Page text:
FiberLean Technologies was formed to bring to market micro-fibrillated cellulose (MFC), a new class of renewable and sustainable nanocellulosic engineered material with the potential to deliver improved performance and value to a wide range of consumer and industrial applications.
The raw materials are natural and abundant, and the final product is extremely strong and lightweight, according to Sean Ireland, vice president of business development at FiberLean. "It can be stronger than Kevlar in some cases and lighter than carbon fiber," Ireland said.
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But manufacturing these new nanomaterials presents a number of challenges in the realms of real-time monitoring and quality control, Ireland added. He spoke about MFC and its manufacture at the Pulp & Paper Industry Forum this week at the Automation Fair event. "FiberLean Technologies is working to expand processes and applications of the technology, but innovation will be needed on many levels.”
FiberLean is passionate about nanocellulose. "It's our livelihood, and we are good at what we do,” said Ireland. "Basically, we take minerals and pulp or cellulous of some form and put it into a highly modified, technical grinding system, and out comes the product," said Ireland. "There is no pretreatment and no added chemicals.”
"The days of making paper at a paper mill are slowly changing," commented Ireland. "Paper mills are going to become bio-refineries to a certain extent. They will be making multiple products for multiple industries. There is a large pipeline of new products on the way.”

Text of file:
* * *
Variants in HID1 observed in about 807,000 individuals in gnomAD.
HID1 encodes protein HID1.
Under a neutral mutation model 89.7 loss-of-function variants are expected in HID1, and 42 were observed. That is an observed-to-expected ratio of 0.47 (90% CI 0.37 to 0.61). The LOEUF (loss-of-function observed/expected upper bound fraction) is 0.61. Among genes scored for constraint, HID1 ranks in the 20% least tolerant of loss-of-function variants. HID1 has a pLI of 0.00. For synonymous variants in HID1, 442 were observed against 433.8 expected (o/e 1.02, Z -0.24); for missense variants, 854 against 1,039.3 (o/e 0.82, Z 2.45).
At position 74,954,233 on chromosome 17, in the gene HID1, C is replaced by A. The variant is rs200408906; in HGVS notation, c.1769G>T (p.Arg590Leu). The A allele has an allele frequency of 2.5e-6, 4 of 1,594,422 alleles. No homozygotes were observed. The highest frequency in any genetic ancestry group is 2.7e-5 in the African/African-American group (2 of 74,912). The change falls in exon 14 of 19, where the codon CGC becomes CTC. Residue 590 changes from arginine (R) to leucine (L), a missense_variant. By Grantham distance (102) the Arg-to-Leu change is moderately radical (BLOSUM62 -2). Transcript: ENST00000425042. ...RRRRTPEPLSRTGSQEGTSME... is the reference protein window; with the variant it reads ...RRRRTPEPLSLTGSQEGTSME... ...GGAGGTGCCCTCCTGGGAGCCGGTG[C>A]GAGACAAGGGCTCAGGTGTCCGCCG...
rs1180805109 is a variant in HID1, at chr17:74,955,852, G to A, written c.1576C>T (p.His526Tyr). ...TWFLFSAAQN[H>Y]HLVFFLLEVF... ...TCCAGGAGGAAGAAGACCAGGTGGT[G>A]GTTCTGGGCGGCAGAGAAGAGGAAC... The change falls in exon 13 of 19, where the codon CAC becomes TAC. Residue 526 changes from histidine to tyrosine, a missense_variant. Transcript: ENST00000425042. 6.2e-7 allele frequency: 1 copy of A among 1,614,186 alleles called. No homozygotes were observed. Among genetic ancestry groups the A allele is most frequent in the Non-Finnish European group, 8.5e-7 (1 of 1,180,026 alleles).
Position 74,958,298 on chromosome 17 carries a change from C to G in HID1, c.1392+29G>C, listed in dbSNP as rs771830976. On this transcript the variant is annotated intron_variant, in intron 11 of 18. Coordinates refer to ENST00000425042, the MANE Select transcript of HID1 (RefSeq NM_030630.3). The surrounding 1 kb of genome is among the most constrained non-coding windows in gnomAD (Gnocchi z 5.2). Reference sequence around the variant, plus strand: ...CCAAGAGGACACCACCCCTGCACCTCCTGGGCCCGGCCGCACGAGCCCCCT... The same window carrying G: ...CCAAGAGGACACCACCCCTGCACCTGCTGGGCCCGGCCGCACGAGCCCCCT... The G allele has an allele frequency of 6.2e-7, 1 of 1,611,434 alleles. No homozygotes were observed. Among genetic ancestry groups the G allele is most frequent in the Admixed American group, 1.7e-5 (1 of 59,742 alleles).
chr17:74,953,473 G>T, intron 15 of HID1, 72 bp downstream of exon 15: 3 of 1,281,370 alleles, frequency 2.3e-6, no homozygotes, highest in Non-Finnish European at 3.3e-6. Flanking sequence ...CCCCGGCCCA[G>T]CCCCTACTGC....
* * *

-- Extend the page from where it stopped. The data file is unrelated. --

Nano particles at mega scale
“We don't make MFC in kilograms, we make it in tons,” continued Ireland. “We produce it economically, performance is great and quality assurance is top-notch. However, we still have some issues."
For example, sensors capable of doing real-time quality measurements during the manufacture of MFC don’t yet exist. Instead, FiberLean has to infer quality parameters post-production using expensive technology such as scanning electron microscopy, atomic force microscopy and thermo-gravimetrical analysis.
"The problem is we are only looking at a small, nano-size sample from a 150,000-gallon tank of the finished material," said Ireland. "With such small samples, the control has to be perfect. The sample and what's in the tank need to be exactly the same. Any small variations can completely change the product."
"As we are grinding and producing the material, we may get the particle size perfect with proper size distribution and surface area,” said Ireland. "But, if the particle shape changes in the process, you end up with two totally different materials that perform differently. As controls engineers, we need to understand the process very well in order to control it. Small variances at this scale lead to large differences in product quality and performance."
Real-time analysis on the industrial scale is still not here yet, continued Ireland. "It doesn't exist, but it needs to happen," he said. "We are looking for that. If you have any knowledge base in that area, we want to work with you.
From a process control and chemical engineering perspective, one needs to know quantum through mesoscale physics of the manufacturing process, said Ireland. ”You’ve got to be aware of event small changes; they can’t be ignored at these small sizes."